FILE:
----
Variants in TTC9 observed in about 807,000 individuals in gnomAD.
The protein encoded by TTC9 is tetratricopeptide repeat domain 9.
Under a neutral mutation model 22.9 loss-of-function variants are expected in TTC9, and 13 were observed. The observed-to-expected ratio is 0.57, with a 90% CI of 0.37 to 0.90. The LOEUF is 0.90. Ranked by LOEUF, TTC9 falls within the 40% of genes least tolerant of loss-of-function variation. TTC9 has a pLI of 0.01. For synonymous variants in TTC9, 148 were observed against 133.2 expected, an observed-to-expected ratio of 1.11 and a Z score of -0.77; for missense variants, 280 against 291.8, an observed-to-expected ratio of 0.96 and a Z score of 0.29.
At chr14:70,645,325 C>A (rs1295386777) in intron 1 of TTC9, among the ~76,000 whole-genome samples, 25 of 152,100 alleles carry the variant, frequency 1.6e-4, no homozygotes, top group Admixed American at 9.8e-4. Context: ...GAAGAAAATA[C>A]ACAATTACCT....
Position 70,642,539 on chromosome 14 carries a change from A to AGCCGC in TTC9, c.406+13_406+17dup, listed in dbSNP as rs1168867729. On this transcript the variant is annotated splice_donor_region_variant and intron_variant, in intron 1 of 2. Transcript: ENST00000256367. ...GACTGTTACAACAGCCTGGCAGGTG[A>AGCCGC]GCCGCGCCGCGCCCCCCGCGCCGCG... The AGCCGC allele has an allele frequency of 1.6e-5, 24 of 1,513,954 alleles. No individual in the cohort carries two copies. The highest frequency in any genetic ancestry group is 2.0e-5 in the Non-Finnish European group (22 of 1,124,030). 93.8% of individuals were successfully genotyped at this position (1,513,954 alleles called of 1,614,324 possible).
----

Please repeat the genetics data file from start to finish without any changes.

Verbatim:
Variants in TTC9 observed in about 807,000 individuals in gnomAD.
The protein encoded by TTC9 is tetratricopeptide repeat domain 9.
Under a neutral mutation model 22.9 loss-of-function variants are expected in TTC9, and 13 were observed. The observed-to-expected ratio is 0.57, with a 90% CI of 0.37 to 0.90. The LOEUF is 0.90. Ranked by LOEUF, TTC9 falls within the 40% of genes least tolerant of loss-of-function variation. TTC9 has a pLI of 0.01. For synonymous variants in TTC9, 148 were observed against 133.2 expected, an observed-to-expected ratio of 1.11 and a Z score of -0.77; for missense variants, 280 against 291.8, an observed-to-expected ratio of 0.96 and a Z score of 0.29.
At chr14:70,645,325 C>A (rs1295386777) in intron 1 of TTC9, among the ~76,000 whole-genome samples, 25 of 152,100 alleles carry the variant, frequency 1.6e-4, no homozygotes, top group Admixed American at 9.8e-4. Context: ...GAAGAAAATA[C>A]ACAATTACCT....
Position 70,642,539 on chromosome 14 carries a change from A to AGCCGC in TTC9, c.406+13_406+17dup, listed in dbSNP as rs1168867729. On this transcript the variant is annotated splice_donor_region_variant and intron_variant, in intron 1 of 2. Transcript: ENST00000256367. ...GACTGTTACAACAGCCTGGCAGGTG[A>AGCCGC]GCCGCGCCGCGCCCCCCGCGCCGCG... The AGCCGC allele has an allele frequency of 1.6e-5, 24 of 1,513,954 alleles. No individual in the cohort carries two copies. The highest frequency in any genetic ancestry group is 2.0e-5 in the Non-Finnish European group (22 of 1,124,030). 93.8% of individuals were successfully genotyped at this position (1,513,954 alleles called of 1,614,324 possible).